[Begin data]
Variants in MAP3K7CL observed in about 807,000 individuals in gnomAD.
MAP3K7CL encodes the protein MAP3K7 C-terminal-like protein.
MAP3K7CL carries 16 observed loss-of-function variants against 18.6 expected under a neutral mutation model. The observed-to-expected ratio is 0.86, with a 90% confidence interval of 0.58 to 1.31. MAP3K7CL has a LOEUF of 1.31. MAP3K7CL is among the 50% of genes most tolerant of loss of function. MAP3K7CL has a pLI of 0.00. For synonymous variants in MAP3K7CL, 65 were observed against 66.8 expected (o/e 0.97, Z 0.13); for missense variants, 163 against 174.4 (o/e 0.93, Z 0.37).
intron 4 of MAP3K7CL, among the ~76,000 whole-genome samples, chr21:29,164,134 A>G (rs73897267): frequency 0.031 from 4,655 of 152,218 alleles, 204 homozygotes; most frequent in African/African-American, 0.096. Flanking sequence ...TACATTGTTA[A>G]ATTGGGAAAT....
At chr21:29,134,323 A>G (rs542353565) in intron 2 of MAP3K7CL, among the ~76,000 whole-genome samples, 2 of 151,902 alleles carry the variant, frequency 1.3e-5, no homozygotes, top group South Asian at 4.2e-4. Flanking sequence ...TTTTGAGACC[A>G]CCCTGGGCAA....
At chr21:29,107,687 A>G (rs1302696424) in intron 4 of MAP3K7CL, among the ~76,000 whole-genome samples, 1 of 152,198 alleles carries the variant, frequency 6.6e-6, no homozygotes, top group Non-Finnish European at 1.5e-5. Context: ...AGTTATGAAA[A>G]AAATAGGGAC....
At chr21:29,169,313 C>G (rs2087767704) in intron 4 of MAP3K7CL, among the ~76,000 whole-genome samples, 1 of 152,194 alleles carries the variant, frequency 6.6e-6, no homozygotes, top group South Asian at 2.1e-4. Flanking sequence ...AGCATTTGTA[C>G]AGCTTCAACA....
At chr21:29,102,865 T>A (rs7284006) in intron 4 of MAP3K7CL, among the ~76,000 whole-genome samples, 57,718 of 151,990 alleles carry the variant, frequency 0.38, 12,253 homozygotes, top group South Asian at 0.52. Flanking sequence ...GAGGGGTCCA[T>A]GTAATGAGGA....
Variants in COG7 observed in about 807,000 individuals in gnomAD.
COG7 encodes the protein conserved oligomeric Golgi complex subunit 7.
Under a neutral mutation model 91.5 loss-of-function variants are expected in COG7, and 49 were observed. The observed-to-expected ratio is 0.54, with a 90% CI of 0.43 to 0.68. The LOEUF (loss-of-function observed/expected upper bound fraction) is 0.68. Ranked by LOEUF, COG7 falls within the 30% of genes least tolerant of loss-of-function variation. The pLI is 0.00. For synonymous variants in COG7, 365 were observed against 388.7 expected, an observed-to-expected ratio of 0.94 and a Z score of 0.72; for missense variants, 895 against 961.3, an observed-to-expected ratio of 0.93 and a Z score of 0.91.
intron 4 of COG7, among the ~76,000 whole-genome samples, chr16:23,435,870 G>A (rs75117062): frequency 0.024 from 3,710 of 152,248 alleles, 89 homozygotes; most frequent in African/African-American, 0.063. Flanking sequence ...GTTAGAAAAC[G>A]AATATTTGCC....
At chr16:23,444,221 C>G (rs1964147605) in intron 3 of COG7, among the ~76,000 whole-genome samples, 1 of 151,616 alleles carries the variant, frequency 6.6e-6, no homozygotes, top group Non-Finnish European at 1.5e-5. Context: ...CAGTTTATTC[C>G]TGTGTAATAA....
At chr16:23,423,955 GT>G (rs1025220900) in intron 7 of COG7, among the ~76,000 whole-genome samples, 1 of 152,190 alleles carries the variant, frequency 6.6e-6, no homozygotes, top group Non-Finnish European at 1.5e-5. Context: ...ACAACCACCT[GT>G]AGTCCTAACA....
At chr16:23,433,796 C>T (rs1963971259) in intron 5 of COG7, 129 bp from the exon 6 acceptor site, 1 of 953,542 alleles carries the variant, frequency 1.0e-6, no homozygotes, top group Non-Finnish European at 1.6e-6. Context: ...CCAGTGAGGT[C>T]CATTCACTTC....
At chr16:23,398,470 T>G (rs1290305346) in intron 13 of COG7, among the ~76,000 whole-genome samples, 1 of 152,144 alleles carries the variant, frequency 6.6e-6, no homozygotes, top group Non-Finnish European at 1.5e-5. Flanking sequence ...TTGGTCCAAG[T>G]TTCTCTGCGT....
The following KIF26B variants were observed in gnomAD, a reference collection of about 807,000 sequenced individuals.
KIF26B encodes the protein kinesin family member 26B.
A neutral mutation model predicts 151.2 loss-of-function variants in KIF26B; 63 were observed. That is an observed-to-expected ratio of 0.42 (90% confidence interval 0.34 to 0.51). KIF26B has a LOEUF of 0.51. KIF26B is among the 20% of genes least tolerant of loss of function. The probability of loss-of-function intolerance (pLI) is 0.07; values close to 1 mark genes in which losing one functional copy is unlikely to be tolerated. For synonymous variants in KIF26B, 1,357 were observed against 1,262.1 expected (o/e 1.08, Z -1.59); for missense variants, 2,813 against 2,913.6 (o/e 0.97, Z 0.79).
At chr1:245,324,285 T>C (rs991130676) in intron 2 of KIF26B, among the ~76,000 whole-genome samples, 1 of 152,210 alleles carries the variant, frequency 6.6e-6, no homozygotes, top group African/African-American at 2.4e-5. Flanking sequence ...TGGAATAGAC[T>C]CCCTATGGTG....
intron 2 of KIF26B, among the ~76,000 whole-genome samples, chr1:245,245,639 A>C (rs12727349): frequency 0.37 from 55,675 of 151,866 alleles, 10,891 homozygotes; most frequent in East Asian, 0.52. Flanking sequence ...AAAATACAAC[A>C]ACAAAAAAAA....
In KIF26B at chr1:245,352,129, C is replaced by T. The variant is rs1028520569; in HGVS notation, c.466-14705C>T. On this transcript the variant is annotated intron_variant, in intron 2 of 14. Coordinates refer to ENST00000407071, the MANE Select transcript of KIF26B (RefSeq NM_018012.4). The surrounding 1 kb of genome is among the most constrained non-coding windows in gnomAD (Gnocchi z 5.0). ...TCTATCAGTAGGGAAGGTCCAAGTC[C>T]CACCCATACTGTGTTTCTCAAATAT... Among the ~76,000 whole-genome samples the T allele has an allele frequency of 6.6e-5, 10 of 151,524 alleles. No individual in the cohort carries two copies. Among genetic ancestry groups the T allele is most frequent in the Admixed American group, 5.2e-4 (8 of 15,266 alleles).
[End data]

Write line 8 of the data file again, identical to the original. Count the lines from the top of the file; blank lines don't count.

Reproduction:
At chr21:29,102,865 T>A (rs7284006) in intron 4 of MAP3K7CL, among the ~76,000 whole-genome samples, 57,718 of 151,990 alleles carry the variant, frequency 0.38, 12,253 homozygotes, top group South Asian at 0.52. Flanking sequence ...GAGGGGTCCA[T>A]GTAATGAGGA....